WVU researchers identify how light at night may harm outcomes in cardiac patients

Orange-lensed glasses may be a simple, affordable way to help cardiac patients recover better, suggests research by Randy Nelson, chair of the WVU Department of Neuroscience, and Courtney DeVries, the John T. and June R. Chambers Chair of Oncology Research at WVU. Using animal models, they found that exposure to white light at night triggered inflammation, killed brain cells and made death more likely in cardiac patients. Warm-toned light, however, had no effect. Now they are studying whether orange-lensed glasses improve outcomes in actual patients.

Rural America needs more headache specialists, WVU researcher says

West Virginia has just half of the neurologists it needs. Headache specialists are even scarcer. David Watson, director of the WVU Headache Center, is exploring the barriers to care that people with migraine face, especially in states that—like West Virginia—are predominantly rural. His long-term goal is to attract and train so many neurologists to practice in West Virginia that no person with migraine would ever need to leave the state to seek treatment.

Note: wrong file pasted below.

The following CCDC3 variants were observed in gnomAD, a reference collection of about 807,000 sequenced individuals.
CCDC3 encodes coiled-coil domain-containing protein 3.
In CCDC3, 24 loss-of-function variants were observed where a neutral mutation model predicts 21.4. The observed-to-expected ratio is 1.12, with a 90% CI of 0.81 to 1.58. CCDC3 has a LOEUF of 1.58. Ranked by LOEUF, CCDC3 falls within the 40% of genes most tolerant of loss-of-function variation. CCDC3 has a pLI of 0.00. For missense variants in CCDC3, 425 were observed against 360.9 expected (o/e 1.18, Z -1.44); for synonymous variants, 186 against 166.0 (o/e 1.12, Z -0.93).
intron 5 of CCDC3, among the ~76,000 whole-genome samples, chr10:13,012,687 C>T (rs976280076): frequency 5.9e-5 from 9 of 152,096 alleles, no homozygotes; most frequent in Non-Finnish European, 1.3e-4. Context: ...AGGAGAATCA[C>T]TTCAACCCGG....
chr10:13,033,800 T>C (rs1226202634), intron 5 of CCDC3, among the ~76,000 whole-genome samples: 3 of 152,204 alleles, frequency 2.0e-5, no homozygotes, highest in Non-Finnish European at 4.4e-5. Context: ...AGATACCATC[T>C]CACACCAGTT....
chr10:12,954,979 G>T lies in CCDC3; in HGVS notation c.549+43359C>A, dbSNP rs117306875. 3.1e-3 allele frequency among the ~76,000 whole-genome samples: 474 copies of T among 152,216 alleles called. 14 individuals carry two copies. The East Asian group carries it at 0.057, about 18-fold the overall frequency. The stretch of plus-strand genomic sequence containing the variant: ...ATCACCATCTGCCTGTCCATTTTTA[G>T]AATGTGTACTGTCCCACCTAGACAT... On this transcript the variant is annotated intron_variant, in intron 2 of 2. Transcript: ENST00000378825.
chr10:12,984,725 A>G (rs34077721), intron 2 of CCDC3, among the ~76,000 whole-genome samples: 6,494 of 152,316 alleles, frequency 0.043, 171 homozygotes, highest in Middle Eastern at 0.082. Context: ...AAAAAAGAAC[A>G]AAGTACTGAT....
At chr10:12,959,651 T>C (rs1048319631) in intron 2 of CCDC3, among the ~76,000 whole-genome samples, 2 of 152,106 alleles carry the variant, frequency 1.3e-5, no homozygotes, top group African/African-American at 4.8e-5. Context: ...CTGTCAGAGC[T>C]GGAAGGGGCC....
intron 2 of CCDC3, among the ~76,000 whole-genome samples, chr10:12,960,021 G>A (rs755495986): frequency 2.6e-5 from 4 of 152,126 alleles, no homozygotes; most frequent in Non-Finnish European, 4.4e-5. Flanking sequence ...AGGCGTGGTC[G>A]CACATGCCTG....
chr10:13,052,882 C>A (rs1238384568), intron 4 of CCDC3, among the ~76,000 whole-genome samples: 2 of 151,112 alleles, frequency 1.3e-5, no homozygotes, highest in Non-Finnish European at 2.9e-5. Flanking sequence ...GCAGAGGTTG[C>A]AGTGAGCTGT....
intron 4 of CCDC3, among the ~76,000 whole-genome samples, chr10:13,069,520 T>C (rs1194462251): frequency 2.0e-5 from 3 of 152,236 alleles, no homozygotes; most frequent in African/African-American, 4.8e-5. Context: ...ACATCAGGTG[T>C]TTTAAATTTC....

WVU researchers explore stroke’s effects on microbiome

A recent study by Allison Brichacek and Candice Brown, researchers in the West Virginia University School of Medicine, suggests that stroke patients’ microbiomes—and even the structure of their guts—may still be out of kilter a month after the stroke has passed.

WVU neuroscientist explores fighting weight gain with darkness

A novel way to treat weight gain may involve limiting our exposure to light at night—whether that light comes from our bedside lamps, the light pollution that sneaks through our windows or the electronic devices we use as we drift off to sleep.